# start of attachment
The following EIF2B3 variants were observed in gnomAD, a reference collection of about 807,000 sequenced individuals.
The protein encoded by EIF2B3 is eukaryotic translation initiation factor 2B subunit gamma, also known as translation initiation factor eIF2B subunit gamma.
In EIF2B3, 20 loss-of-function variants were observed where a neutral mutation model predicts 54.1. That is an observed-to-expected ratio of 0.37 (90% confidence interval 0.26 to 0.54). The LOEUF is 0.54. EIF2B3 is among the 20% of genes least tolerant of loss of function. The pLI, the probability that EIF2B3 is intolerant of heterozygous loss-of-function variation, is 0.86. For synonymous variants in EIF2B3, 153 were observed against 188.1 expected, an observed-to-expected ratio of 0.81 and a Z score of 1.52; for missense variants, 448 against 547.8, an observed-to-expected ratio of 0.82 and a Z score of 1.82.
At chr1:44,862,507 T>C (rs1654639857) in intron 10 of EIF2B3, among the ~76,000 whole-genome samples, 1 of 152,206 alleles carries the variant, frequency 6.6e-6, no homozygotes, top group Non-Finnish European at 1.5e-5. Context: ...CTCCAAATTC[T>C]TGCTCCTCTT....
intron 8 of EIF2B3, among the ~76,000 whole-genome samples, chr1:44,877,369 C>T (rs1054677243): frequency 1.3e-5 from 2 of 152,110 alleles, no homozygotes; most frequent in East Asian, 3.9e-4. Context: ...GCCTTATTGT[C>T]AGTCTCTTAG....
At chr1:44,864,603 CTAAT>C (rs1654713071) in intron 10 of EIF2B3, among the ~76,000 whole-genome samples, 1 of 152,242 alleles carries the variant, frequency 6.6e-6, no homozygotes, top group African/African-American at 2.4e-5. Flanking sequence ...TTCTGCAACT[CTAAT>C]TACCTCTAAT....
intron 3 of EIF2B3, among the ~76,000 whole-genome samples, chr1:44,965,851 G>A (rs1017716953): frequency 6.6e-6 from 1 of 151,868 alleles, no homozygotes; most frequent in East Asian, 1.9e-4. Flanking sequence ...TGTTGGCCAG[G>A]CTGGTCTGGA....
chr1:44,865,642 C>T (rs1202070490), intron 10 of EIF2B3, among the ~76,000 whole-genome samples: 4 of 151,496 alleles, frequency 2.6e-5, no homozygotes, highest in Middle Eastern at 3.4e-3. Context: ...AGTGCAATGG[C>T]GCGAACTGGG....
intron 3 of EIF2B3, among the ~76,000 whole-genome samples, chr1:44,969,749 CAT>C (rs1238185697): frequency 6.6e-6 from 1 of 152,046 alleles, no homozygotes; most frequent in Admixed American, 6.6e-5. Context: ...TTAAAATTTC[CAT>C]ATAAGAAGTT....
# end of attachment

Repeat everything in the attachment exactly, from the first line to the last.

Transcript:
The following EIF2B3 variants were observed in gnomAD, a reference collection of about 807,000 sequenced individuals.
The protein encoded by EIF2B3 is eukaryotic translation initiation factor 2B subunit gamma, also known as translation initiation factor eIF2B subunit gamma.
In EIF2B3, 20 loss-of-function variants were observed where a neutral mutation model predicts 54.1. That is an observed-to-expected ratio of 0.37 (90% confidence interval 0.26 to 0.54). The LOEUF is 0.54. EIF2B3 is among the 20% of genes least tolerant of loss of function. The pLI, the probability that EIF2B3 is intolerant of heterozygous loss-of-function variation, is 0.86. For synonymous variants in EIF2B3, 153 were observed against 188.1 expected, an observed-to-expected ratio of 0.81 and a Z score of 1.52; for missense variants, 448 against 547.8, an observed-to-expected ratio of 0.82 and a Z score of 1.82.
At chr1:44,862,507 T>C (rs1654639857) in intron 10 of EIF2B3, among the ~76,000 whole-genome samples, 1 of 152,206 alleles carries the variant, frequency 6.6e-6, no homozygotes, top group Non-Finnish European at 1.5e-5. Context: ...CTCCAAATTC[T>C]TGCTCCTCTT....
intron 8 of EIF2B3, among the ~76,000 whole-genome samples, chr1:44,877,369 C>T (rs1054677243): frequency 1.3e-5 from 2 of 152,110 alleles, no homozygotes; most frequent in East Asian, 3.9e-4. Context: ...GCCTTATTGT[C>T]AGTCTCTTAG....
At chr1:44,864,603 CTAAT>C (rs1654713071) in intron 10 of EIF2B3, among the ~76,000 whole-genome samples, 1 of 152,242 alleles carries the variant, frequency 6.6e-6, no homozygotes, top group African/African-American at 2.4e-5. Flanking sequence ...TTCTGCAACT[CTAAT>C]TACCTCTAAT....
intron 3 of EIF2B3, among the ~76,000 whole-genome samples, chr1:44,965,851 G>A (rs1017716953): frequency 6.6e-6 from 1 of 151,868 alleles, no homozygotes; most frequent in East Asian, 1.9e-4. Flanking sequence ...TGTTGGCCAG[G>A]CTGGTCTGGA....
chr1:44,865,642 C>T (rs1202070490), intron 10 of EIF2B3, among the ~76,000 whole-genome samples: 4 of 151,496 alleles, frequency 2.6e-5, no homozygotes, highest in Middle Eastern at 3.4e-3. Context: ...AGTGCAATGG[C>T]GCGAACTGGG....
intron 3 of EIF2B3, among the ~76,000 whole-genome samples, chr1:44,969,749 CAT>C (rs1238185697): frequency 6.6e-6 from 1 of 152,046 alleles, no homozygotes; most frequent in Admixed American, 6.6e-5. Context: ...TTAAAATTTC[CAT>C]ATAAGAAGTT....